Background"Diffuse midline glioma (DMG), H3 K27M-mutant" is a new tumor entity established in the 2016 WHO classification of Tumors of the Central Nervous System that comprises a set of diffuse gliomas arising in midline structures and is molecularly defined by a K27M mutation in genes encoding the histone 3 variants H3.3 or H3.1. While this tumor entity is associated with poor prognosis in children, clinical experience in adults remains limited.
MethodsPatient demographics, radiologic and pathologic characteristics, treatment course, progression, and patient survival were collected for 60 adult patients with DMG, H3 K27M-mutant. A subset of tumors also underwent next-generation sequencing. Analysis of progression-free survival and overall survival was conducted using Kaplan-Meier modeling, and univariate and multivariate analysis.
ResultsMedian patient age was 32 years (range 18-71 years). Tumors were centered in the thalamus (n = 34), spinal cord (10), brainstem (5), cerebellum (4), or other midline sites (4), or were multifocal (3). Genomic profiling revealed p.K27M mutations exclusively in the H3F3A gene and an absence of mutations in HIST1H3B or HIST1H3C, which are present in approximately one-third of pediatric DMGs. Accompanying mutations in TP53, PPM1D, FGFR1, NF1, and ATRX were frequently found. The overall survival of this adult cohort was 27.6 months, longer than historical averages for both H3 K27M-mutant DMG in children and IDH-wildtype glioblastoma in adults.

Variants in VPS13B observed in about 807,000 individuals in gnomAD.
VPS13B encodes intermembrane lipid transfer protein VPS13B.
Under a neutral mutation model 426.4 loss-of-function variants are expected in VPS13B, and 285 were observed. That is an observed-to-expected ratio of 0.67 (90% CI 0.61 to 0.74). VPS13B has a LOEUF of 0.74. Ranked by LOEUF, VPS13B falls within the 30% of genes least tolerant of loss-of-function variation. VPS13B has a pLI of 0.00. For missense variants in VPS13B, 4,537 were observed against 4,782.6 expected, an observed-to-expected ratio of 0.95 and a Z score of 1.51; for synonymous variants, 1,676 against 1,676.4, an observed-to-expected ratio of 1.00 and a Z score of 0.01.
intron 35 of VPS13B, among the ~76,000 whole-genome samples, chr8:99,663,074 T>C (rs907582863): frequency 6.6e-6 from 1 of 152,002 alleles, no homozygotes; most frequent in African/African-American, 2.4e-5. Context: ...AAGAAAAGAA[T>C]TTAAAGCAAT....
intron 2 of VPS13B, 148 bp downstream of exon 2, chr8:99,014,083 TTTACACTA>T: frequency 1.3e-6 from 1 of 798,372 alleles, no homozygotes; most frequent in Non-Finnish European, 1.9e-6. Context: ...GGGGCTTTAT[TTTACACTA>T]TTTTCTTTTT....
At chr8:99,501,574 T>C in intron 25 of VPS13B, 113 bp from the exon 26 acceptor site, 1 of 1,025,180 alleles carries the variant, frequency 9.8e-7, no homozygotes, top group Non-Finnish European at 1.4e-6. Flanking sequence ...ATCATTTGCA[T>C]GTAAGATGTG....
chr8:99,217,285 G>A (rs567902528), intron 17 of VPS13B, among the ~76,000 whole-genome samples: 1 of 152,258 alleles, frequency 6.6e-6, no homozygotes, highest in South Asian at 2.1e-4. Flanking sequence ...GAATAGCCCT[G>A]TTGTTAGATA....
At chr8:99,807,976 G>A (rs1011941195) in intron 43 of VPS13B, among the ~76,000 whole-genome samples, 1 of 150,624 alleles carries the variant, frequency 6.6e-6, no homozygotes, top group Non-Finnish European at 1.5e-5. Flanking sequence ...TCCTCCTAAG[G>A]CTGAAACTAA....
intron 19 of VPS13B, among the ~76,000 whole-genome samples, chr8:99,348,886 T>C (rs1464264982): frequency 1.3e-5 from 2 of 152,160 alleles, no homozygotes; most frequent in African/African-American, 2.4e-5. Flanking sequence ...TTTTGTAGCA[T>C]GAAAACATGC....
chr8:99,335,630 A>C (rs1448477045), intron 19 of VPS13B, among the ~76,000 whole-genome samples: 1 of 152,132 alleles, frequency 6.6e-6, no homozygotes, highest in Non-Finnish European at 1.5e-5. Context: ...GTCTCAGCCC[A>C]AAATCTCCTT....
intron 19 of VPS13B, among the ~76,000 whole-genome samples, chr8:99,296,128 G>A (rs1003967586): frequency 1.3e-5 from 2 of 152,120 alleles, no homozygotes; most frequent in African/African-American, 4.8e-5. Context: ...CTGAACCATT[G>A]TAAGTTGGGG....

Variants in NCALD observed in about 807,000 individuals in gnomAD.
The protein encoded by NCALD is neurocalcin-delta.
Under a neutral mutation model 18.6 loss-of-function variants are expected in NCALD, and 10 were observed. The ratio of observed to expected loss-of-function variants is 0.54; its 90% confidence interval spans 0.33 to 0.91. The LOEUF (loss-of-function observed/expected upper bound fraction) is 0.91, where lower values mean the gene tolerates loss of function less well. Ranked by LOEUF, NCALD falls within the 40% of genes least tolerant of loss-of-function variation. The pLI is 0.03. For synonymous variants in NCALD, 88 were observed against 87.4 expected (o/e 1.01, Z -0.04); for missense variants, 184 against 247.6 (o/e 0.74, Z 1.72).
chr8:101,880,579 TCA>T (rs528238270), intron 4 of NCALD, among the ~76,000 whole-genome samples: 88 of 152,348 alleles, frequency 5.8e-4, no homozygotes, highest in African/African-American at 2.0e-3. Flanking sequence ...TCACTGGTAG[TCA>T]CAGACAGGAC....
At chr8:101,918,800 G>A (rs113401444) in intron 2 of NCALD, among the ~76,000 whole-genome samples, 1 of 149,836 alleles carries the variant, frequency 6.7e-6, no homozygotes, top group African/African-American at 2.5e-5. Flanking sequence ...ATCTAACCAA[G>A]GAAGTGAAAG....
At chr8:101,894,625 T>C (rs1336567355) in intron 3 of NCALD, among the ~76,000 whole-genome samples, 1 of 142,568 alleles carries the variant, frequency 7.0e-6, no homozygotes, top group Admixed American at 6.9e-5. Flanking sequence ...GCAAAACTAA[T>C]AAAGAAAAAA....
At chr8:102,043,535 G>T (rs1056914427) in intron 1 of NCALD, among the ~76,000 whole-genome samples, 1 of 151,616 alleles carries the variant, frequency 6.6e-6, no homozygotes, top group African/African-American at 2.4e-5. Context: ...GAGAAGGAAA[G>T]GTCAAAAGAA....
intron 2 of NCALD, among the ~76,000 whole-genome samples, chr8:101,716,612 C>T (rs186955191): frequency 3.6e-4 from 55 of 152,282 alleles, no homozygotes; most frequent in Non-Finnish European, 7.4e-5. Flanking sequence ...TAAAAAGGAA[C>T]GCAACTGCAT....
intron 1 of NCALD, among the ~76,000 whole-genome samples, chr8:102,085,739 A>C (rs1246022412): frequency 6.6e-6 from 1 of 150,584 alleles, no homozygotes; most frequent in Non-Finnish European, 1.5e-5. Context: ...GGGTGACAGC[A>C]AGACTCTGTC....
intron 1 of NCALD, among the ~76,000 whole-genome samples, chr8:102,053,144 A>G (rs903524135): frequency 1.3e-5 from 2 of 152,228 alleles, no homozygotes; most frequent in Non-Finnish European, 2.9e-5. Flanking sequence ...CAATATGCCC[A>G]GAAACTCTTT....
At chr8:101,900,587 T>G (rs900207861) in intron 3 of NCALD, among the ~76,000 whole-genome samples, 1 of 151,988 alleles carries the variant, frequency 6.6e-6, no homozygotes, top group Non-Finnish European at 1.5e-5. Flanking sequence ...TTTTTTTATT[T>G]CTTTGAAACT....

ConclusionsTogether, these findings indicate that H3 K27M-mutant DMG represents a heterogeneous disease with regard to outcomes, sites of origin, and molecular pathogenesis in adults versus children.